In every stage of these Oppressions We have Petitioned for Redress in the most humble terms: Our repeated Petitions have been answered only by repeated injury. A Prince whose character is thus marked by every act which may define a Tyrant, is unfit to be the ruler of a free people.

Nor have We been wanting in attentions to our Brittish brethren. We have warned them from time to time of attempts by their legislature to extend an unwarrantable jurisdiction over us. We have reminded them of the circumstances of our emigration and settlement here. We have appealed to their native justice and magnanimity, and we have conjured them by the ties of our common kindred to disavow these usurpations, which, would inevitably interrupt our connections and correspondence. They too have been deaf to the voice of justice and of consanguinity. We must, therefore, acquiesce in the necessity, which denounces our Separation, and hold them, as we hold the rest of mankind, Enemies in War, in Peace Friends.

We, therefore, the Representatives of the united States of America, in General Congress, Assembled, appealing to the Supreme Judge of the world for the rectitude of our intentions, do, in the Name, and by Authority of the good People of these Colonies, solemnly publish and declare, That these United Colonies are, and of Right ought to be Free and Independent States; that they are Absolved from all Allegiance to the British Crown, and that all political connection between them and the State of Great Britain, is and ought to be totally dissolved; and that as Free and Independent States, they have full Power to levy War, conclude Peace, contract Alliances, establish Commerce, and to do all other Acts and Things which Independent States may of right do. And for the support of this Declaration, with a firm reliance on the protection of divine Providence, we mutually pledge to each other our Lives, our Fortunes and our sacred Honor.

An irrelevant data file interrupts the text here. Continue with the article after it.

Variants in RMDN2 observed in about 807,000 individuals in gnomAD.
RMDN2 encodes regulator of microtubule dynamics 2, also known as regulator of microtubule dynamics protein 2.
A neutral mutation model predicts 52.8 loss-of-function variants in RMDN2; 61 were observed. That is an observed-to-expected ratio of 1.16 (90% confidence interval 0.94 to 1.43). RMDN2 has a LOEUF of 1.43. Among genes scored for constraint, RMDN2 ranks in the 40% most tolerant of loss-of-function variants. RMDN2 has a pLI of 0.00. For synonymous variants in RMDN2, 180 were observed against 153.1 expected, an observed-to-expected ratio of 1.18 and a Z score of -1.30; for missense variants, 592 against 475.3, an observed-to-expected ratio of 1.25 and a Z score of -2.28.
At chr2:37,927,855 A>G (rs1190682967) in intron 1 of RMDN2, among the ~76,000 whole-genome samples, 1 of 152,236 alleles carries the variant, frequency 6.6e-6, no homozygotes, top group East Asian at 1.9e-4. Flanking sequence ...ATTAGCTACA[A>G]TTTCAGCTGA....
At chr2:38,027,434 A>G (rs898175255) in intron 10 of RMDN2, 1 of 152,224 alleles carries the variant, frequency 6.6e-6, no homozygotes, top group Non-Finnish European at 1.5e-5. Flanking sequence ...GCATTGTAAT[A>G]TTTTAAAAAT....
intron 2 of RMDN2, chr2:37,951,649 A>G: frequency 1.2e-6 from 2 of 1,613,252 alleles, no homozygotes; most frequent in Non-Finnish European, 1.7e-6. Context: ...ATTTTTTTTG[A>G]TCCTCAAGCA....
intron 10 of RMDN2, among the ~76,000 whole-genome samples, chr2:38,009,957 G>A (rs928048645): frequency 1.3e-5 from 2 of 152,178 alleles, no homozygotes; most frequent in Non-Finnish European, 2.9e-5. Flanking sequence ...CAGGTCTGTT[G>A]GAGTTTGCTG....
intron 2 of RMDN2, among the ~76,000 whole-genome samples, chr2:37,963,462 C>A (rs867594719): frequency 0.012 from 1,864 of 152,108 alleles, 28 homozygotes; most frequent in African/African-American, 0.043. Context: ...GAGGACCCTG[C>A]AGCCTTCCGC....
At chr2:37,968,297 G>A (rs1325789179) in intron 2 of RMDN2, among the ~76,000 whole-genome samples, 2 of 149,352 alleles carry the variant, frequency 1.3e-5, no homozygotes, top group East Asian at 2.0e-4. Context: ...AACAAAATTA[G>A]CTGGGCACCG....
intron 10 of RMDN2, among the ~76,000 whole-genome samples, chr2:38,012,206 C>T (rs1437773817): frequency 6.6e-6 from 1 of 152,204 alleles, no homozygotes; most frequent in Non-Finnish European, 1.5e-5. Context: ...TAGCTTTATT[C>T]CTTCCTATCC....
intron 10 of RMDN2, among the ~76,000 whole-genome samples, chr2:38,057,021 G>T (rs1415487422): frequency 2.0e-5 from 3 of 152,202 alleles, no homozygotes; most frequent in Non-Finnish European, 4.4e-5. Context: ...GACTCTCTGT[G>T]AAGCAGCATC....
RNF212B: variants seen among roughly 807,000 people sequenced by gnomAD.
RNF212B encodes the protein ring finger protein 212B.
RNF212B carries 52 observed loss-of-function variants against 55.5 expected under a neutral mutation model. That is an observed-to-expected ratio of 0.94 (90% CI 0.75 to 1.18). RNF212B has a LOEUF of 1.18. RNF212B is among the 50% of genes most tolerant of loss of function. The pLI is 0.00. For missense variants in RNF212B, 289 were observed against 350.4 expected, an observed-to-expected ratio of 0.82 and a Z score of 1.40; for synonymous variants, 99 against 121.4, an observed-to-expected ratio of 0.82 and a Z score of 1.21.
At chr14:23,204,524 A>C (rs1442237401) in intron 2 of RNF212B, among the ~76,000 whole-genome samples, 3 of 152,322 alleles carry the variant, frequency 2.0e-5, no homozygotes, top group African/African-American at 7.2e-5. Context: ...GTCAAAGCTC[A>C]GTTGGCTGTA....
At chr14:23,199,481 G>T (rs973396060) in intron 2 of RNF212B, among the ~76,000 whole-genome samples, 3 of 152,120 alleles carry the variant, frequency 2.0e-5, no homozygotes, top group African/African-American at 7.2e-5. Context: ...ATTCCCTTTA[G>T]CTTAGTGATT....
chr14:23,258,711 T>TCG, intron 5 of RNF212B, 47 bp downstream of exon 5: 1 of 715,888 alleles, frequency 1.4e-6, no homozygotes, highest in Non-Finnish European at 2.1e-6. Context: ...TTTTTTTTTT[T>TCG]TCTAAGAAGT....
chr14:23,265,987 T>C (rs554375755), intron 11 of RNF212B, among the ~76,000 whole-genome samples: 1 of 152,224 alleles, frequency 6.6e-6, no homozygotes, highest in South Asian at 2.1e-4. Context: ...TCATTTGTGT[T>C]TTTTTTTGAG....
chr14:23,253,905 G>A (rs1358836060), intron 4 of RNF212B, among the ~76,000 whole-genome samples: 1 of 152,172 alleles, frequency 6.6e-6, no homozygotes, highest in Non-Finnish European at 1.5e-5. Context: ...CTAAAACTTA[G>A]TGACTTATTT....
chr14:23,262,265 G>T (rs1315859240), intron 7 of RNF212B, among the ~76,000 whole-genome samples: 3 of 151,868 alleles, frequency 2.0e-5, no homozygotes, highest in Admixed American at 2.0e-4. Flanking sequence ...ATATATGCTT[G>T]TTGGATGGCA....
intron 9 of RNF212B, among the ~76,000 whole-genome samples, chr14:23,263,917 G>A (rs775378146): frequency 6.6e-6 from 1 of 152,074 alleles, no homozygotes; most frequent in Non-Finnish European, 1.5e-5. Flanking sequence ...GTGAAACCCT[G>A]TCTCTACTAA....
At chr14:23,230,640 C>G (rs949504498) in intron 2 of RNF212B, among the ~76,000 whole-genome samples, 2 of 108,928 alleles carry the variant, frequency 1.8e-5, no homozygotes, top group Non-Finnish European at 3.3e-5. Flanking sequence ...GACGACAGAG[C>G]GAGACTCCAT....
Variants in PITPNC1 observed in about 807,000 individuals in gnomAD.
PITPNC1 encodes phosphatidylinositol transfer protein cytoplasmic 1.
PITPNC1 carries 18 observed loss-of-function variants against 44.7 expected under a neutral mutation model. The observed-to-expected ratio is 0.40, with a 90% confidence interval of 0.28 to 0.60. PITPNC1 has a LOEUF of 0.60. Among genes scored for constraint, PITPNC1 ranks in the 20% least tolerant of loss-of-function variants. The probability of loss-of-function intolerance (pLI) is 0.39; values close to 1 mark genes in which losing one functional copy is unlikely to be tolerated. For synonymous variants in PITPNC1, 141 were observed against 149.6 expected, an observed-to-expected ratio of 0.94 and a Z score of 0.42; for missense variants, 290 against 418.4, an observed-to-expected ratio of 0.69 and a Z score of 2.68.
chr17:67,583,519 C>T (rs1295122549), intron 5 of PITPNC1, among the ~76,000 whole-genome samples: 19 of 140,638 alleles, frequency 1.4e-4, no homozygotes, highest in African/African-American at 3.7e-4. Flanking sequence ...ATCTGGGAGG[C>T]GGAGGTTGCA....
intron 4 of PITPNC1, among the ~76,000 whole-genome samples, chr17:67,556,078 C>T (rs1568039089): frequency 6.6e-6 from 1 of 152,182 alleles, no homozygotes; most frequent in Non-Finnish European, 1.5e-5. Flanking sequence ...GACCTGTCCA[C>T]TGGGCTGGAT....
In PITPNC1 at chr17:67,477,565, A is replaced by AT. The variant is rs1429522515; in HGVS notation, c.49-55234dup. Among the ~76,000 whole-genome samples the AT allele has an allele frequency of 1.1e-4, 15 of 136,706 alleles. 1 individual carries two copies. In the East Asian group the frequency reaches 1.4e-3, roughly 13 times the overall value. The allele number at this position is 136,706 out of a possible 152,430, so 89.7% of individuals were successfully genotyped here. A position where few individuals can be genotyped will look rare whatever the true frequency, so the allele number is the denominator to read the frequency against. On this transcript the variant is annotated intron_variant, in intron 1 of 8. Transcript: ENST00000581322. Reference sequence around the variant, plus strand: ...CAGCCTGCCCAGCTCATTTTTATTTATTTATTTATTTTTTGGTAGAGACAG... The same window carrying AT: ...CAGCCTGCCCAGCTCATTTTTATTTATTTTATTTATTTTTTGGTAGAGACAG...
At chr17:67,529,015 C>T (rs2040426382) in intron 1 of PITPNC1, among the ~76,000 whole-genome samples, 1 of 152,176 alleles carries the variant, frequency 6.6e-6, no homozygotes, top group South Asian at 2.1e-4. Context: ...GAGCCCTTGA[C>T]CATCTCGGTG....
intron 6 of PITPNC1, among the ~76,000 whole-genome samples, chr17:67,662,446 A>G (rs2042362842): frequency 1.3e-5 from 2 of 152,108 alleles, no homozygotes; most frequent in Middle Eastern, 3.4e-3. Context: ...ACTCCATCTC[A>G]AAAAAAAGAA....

Saturday, July 03, 2010

Hector Berlioz Understands What It's Like to be a Technical Writer

From p. 80 of the Dover edition of his memoirs:
When I talk of my laziness, it only applies to the writing of prose. I have often sat up all night over my scores, and have spent eight hours at a time laboring at instrumentation, without once changing my position; but I have to fight with myself to begin to write a page of prose, and about the tenth line or so I get up, walk about the room, overcome the weariness and fatigue which instantly overpowers me. I have to return to the charge eight or ten times before I can finish an article for the Journal des Debats, and it takes me quite two days to write one, even when I like the subject and am interested by it. And then, what erasures, and what scrawls! You should see my first draft!

Thursday, July 01, 2010

Music@Menlo Announces a Winter Season

October doesn't count as winter even on the East Coast, and May is springtime, but whatever. The chamber music festival offers three concerts that aren't during their regular summer run:
  • October 3, 2010: Emerson String Quartet plays Mendelssohn, Webern, Debussy, and Dvorak
  • January 16, 2011: Music for two pianos performed by Alessio Bax, Anne-Marie McDermott, and Wu Han
  • May 8, 2011: Great Piano Quartets, with Jeffrey Kahane, Arnaud Sussman, Paul Neubauer, and Christopher Costanza
These programs are all at 4 p.m. (those dates are Sundays) at the Center for Performing Arts at Menlo-Atherton.

Yet More on Complexity and Its Meanings

More from Daniel Wolf - and no apologies necessary! Keep writing, please.